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Beaver, PA — Beaver County resident, James Cicco has just settled a lawsuit against the Beaver Police Department claiming officers used excessive force. The incident was captured on dash cam and shows a graphic takedown of a non-threatening man who was brutally assaulted by police for no reason. Part of the attack happened after he was placed in handcuffs as well. Now the taxpayers will be held accountable—not the cops who did it.

As the Beaver Countian reports, federal court dockets show US District Court Judge Mark Hornak closed the case brought by James Edward Cicco against Beaver Borough on Thursday after parties reached a settlement agreement with the assistance of federal mediators.

An "investigation" by the Pennsylvania State Police claimed cops did nothing wrong when they unleashed the K9 on the handcuffed man.

Cicco told his lawyers he has been harassed by police in the past, so when Beaver Police Officer Jeffrey Wijnen-Riems attempted to pull over Cicco for a traffic violation in August of 2016, the man decided the best place to pull over would be at his home.

Cicco’s lawyer, Geraldo Benyo, told reporters it only took 13 seconds to pull over, and that his client was being compliant for the entire duration of the traffic stop which took a violent turn for the worst. Wijnen-Riems can be seen in the dash cam footage approaching Cicco’s car.

“The video does depict Mr. Cicco getting out of his vehicle with both hands palms out and raised and then he only retreats into his vehicle as officer releases the K-9,” Benyo explained.

He opened up Cicco’s car door and then began to attempt to extricate the man from his small SUV. However, we consulted with a close-quarters hand-to-hand combat expert who concluded Wijnen-Riems tactics were not standard procedure.

The officer can be seen placing Cicco in a painful wrist-lock which has the potential to break the man’s wrist. The patrolman then began cranking his arm behind his back, another move intended to either break the man’s arm or dislocate his shoulder.

According to our expert, at no time did the officer attempt to unbuckle Cicco’s seatbelt and drag him out of the car. It appears Cicco unbuckled his own seatbelt, at which time the officer then flung him to the ground.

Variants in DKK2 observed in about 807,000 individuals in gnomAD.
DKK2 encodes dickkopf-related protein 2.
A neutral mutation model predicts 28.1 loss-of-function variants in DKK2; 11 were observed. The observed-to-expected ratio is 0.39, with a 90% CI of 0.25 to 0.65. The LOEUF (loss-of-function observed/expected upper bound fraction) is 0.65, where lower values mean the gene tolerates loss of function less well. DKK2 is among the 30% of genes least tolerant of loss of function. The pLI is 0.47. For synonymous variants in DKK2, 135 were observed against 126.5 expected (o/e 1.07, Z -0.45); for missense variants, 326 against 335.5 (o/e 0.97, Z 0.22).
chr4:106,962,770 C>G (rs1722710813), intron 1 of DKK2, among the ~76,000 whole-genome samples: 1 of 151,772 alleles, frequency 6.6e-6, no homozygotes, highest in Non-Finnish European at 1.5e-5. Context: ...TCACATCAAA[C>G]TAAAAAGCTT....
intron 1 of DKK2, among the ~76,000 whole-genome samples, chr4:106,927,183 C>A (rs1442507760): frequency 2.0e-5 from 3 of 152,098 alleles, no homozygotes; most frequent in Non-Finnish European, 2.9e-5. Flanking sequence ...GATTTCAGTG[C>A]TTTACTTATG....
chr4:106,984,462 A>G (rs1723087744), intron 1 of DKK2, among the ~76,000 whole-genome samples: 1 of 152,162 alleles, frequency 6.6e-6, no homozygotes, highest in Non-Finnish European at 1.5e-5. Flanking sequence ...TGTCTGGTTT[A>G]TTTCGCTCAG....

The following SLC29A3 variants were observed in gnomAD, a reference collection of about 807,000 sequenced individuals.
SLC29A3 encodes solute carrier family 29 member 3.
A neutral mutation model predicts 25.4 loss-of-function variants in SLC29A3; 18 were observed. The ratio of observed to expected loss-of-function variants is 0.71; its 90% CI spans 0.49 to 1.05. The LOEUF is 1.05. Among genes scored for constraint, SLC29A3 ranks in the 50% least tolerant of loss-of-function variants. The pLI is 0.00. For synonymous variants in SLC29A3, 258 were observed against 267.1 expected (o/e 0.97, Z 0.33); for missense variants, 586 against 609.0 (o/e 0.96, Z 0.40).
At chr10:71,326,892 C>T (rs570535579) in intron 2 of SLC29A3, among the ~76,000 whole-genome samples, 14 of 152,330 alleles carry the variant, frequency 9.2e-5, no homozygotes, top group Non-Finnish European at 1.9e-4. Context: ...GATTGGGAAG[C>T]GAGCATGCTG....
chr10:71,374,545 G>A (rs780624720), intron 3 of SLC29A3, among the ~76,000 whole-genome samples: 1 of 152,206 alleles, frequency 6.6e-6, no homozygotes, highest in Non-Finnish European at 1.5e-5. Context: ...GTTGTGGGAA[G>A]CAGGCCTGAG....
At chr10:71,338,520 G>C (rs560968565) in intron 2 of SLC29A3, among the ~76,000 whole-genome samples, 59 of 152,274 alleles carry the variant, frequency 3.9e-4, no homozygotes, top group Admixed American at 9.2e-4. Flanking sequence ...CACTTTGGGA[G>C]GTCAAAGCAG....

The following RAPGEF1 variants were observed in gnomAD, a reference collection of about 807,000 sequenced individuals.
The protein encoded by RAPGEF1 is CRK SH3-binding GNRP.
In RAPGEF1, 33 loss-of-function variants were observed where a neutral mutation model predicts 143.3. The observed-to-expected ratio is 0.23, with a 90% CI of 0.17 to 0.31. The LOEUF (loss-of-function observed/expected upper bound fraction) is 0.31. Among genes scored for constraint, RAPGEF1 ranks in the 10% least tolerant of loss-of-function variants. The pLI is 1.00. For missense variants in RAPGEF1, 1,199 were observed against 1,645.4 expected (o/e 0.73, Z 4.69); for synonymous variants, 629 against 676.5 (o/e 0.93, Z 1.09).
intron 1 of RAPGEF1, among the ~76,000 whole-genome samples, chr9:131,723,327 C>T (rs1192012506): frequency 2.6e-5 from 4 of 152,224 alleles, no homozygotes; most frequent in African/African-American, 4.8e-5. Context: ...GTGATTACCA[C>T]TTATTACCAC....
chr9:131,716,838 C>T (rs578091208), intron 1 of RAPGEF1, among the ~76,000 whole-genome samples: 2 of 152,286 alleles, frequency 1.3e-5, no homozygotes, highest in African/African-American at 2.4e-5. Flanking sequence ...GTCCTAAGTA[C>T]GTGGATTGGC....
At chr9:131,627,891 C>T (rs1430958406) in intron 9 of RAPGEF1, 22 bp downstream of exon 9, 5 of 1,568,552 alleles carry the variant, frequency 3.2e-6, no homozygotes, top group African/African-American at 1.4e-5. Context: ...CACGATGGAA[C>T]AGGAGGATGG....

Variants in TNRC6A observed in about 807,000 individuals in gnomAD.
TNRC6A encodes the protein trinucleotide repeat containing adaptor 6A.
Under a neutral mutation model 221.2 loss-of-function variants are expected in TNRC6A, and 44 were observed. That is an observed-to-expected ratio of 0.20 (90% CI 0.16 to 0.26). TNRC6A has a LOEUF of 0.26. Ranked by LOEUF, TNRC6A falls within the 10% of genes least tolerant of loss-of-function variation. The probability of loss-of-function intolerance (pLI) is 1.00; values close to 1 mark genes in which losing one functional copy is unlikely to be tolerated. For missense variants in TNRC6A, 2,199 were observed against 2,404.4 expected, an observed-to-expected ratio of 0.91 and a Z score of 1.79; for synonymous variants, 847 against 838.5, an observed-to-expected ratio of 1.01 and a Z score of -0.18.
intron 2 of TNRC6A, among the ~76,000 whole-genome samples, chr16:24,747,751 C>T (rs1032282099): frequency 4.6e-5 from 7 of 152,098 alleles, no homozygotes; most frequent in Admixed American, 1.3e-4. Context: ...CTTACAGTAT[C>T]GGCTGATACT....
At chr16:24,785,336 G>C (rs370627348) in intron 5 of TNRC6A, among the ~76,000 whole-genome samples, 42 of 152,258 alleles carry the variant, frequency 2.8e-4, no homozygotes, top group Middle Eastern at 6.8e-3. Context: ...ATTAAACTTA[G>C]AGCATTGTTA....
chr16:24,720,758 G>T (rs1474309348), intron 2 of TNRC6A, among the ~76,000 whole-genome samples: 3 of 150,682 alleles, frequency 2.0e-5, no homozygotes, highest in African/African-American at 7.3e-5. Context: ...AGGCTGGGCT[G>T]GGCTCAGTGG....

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Instead of placing the man in handcuffs, he went back to his vehicle and released his attack dog, a German-Shepherd. As Cicco sees the dog approaching, he jumped back into his car and shut the door, as anyone afraid of police attack dogs may do.

Once again, Officer Wijnen-Riems opened the car door, this time aided by his dog, who began to viciously attack him, biting him under the arm, in the armpit, exposing gaping wounds. He bit his back as well.

As the Beaver Countian reported in 2016, at the time of the incident, before the dash cam video was released, witnesses to the attack reported that the officers forced the dog to "eat" Cicco during the confrontation — after he was placed in handcuffs. In the video below, that is exactly what happens.

Wijen-Riems claimed he saw Cicco reaching for what he thought was a taser. However, that was not seen in the video, nor was he in possession of a taser.

The small-town police officer, who some are now calling a bully, then charged Cicco with multiple charges including fleeing and eluding and driving without a license. Cicco fought the charges and his case was brought to trial. None of the charges held and the entire attack was over a suspended license.

“This entire incident resulted over an aggressive police officer who was upset because on the way to non-emergency call Mr. Cicco didn’t get out of way fast enough,” Benyo said. The lawyer said his client’s fears of police brutality, “Turned out to be pretty accurate with having the fear.”

According to the Beaver Countian, terms of a settlement agreement ending Cicco’s federal lawsuit were not disclosed in court filings, but a source in Beaver Borough familiar with its provisions said the town’s insurance carrier paid out approximately $250,000 to end the litigation.

After obtaining the dashcam footage, the Beaver Countian also obtained audio of the officer's call. In the audio, the cop is heard joking about the damage his dog inflicted on Cicco.

Disturbing indeed.